Spy Truth & Fiction — Automatics, Semi-Automatics, and Revolvers

By Piper Bayard & Jay Holmes

There are basically three types of handguns—the revolver, the semi-automatic, and the automatic. All three are commonly misnamed or misrepresented in fiction.

 

Gunner's Mate 1st Class Montrell Dorsey with M240B automatic weapon Image by US Navy, public domain

Gunner’s Mate 1st Class Montrell Dorsey with
M240B automatic weapon
Image by US Navy, public domain

 

With an automatic weapon, the cartridges load into a removable magazine. It’s called automatic because when you pull the trigger, it automatically fires repeated bullets until you take your finger off of the trigger. As the shooter fires, the brass shells of the cartridges are ejected from the weapon.

 

Smith & Wesson Bodyguard .380 semi-automatic Image by Avicennasis, wikimedia commons.

Smith & Wesson Bodyguard .380 semi-automatic
Image by Avicennasis, wikimedia commons.

 

A semi-automatic also has cartridges that load into a removable magazine, which, in a pistol such as this one, fits into the handle of the gun. However, one trigger pull equals one shot, and the brass shell from each cartridge is automatically ejected. The weapon does not automatically keep firing.

It’s very common for a semi-automatic to be inaccurately referred to throughout media, movies, and TV as an “automatic” weapon. No matter how hot the journalist, movie star, or soap opera star might be, don’t believe it just because they say it.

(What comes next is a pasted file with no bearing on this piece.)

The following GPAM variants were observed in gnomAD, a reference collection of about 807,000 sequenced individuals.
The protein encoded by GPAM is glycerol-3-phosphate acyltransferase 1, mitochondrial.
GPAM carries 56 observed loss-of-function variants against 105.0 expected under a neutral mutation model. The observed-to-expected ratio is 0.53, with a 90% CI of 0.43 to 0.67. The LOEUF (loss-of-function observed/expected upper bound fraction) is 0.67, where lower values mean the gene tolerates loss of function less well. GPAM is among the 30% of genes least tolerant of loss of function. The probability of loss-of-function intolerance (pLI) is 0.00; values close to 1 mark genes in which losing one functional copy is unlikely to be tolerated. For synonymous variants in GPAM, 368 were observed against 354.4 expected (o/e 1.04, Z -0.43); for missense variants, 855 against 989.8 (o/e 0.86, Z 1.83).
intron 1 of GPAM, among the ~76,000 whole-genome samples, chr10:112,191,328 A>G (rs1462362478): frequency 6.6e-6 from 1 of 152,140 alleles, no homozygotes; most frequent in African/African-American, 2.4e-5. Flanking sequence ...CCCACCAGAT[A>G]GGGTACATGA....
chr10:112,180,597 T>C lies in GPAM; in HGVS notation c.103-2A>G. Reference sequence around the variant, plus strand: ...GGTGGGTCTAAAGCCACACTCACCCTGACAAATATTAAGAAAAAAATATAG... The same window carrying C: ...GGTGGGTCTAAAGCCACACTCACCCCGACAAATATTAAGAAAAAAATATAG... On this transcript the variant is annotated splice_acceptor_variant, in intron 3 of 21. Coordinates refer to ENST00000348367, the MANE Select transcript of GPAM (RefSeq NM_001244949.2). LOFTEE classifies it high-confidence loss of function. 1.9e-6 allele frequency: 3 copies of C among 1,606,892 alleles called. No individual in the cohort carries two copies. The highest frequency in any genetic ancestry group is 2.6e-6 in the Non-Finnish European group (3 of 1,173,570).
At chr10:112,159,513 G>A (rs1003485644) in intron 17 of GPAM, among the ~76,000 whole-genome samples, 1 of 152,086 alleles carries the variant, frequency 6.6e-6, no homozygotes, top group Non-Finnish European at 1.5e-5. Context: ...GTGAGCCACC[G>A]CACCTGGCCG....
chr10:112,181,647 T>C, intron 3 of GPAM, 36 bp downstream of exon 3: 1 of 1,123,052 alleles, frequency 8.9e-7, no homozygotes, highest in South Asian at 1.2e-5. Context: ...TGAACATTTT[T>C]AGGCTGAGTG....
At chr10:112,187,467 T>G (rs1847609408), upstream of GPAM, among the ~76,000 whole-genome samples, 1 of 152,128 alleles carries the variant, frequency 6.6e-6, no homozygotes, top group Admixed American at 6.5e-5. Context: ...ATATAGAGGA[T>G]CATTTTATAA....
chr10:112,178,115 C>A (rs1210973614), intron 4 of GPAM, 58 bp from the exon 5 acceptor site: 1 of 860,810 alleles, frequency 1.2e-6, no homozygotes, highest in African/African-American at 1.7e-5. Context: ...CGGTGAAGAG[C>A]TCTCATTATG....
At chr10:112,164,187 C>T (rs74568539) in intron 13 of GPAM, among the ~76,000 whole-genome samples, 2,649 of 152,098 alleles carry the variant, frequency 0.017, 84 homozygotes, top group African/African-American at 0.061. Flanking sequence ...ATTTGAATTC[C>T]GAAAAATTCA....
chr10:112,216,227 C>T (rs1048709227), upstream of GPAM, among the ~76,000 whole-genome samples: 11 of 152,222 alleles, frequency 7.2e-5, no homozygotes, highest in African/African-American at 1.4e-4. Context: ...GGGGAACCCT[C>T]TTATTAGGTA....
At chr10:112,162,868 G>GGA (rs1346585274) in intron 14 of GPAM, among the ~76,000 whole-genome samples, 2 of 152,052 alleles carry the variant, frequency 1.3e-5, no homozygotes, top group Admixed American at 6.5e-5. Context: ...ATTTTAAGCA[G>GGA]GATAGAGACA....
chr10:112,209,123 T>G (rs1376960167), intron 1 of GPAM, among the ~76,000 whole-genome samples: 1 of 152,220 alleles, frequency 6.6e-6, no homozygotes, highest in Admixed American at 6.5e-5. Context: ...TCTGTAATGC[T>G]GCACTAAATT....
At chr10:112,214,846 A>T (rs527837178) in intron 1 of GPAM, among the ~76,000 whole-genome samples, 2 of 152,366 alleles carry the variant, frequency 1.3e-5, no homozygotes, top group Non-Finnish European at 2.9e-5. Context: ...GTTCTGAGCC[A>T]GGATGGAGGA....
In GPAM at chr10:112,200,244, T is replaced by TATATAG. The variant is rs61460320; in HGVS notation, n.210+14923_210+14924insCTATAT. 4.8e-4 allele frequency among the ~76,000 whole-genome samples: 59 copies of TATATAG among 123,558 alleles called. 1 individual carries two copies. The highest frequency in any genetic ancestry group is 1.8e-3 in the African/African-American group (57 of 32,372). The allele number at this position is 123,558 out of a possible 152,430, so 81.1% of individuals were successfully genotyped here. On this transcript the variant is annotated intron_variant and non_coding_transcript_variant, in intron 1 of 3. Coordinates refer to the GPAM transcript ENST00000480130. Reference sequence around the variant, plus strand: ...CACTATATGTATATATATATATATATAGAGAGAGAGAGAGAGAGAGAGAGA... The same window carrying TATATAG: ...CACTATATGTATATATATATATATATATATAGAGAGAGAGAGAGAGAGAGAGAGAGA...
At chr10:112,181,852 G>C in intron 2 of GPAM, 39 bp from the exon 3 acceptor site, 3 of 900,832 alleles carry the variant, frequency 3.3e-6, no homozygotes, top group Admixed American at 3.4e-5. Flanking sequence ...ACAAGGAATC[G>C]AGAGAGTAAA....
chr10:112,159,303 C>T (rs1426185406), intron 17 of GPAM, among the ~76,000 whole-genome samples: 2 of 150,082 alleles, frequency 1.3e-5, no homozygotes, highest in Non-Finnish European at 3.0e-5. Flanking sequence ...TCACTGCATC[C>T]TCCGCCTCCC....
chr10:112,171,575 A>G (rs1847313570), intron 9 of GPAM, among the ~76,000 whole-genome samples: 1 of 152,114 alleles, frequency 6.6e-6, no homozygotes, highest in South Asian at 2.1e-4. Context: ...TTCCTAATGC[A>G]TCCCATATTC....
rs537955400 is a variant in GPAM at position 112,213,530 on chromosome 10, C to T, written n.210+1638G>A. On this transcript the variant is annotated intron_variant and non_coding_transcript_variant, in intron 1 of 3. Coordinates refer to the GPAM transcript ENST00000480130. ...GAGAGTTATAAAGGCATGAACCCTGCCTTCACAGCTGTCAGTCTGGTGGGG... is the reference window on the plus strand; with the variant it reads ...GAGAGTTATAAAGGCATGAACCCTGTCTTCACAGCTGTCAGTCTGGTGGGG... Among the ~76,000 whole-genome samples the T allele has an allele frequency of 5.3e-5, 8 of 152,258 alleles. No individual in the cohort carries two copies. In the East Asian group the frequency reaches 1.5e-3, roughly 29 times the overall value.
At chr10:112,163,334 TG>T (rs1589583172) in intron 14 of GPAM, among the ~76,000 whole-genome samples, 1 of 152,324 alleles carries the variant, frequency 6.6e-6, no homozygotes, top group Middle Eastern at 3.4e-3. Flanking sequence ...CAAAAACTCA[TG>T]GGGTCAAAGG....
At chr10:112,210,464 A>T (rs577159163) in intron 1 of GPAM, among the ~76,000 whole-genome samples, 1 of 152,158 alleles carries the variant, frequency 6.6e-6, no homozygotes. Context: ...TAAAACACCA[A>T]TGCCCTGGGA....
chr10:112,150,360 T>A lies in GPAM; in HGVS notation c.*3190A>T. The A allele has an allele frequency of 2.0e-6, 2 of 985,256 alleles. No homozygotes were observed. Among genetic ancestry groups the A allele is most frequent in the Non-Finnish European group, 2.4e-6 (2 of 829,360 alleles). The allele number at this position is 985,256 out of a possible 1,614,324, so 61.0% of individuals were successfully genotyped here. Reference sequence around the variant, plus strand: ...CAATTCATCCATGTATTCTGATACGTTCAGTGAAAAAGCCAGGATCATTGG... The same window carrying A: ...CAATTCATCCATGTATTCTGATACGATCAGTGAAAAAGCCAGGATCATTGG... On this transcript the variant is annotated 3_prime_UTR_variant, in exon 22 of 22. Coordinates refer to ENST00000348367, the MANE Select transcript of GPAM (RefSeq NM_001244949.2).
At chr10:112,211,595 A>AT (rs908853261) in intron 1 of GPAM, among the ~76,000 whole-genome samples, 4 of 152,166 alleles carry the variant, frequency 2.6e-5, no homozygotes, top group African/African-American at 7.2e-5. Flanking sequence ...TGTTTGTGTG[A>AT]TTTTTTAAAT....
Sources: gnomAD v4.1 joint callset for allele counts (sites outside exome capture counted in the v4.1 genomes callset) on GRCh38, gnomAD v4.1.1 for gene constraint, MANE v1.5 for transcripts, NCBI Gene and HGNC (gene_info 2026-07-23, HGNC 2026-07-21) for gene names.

Piper in the remake of Dirty Harry

Piper in the remake of Dirty Harry

 

A revolver is so called because the cartirdges reside in a revolving cylinder. Like the semi-automatic, one trigger pull equals one shot. However, the brass shells are not ejected automatically. A shooter must open the cylinder and eject all of the shells simultaneously.

Not to knock one of Piper’s favorites, The Walking Dead, but if you listen closely when Rick fires his Colt Python .357, you will sometimes hear the sound of ejected brass hitting the floor with each shot—something only semi-automatics and automatics do. Total audio fiction.

Now it’s your turn. What Spy Truth & Fiction questions do you have for us?

 

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11 comments on “Spy Truth & Fiction — Automatics, Semi-Automatics, and Revolvers

  1. Don Royster says:

    Thanks for the education. Never know when it might come in handle.

  2. kerrymeacham says:

    Model 29 S&W, nickel plated, 8 3/8″ target barrel, .44 Mag, Piper? I have a Model 57, nickel plated, 8 3/8″ target barrel, .41 Mag, fitted with neoprene grips. I think my wife bought it for me as a Christmas gift in ’81 or ’82. And people wonder why I stayed married to her for 35 years. ‘Nuff said.

    • Piper Bayard says:

      Awesome! So glad you have a wonderful woman who understands the art of gifting.

      My hubby and kids gave me a set of Airsoft pistols one year for Christmas. As soon as I unwrapped them, we loaded them up and shot the few plastic ornaments on the Christmas tree. Another year, hubby gave me an S&W .38 titanium Airweight. It’s awesome, but it sets off the shoplifting monitors at the doors of some of some stores. I can’t carry it when I’m out shopping.

      I can see you and your wife are excellent role models for the world’s newlyweds. 🙂

  3. Jess Witkins says:

    Fun fact about Walking Dead! I didn’t know that…or any of this, but that’s cool. At one point in my life, I wanted to be the person that works in the sound booth making noises and audio for TV shows.

  4. Lee S. Hawke says:

    Thank you for this! Never had it explained to me so concisely. If I do any military sci-fi, I’ll be browsing through your archives for sure.

  5. majroj says:

    You know, fictional characters are always immune to freshly-fired casings bouncing into a shoe, deflecting off a hat’s brim or bill into an open shirt collar, etc. I guess Murphy’s Law only works selectively in the world of make believe! 😉

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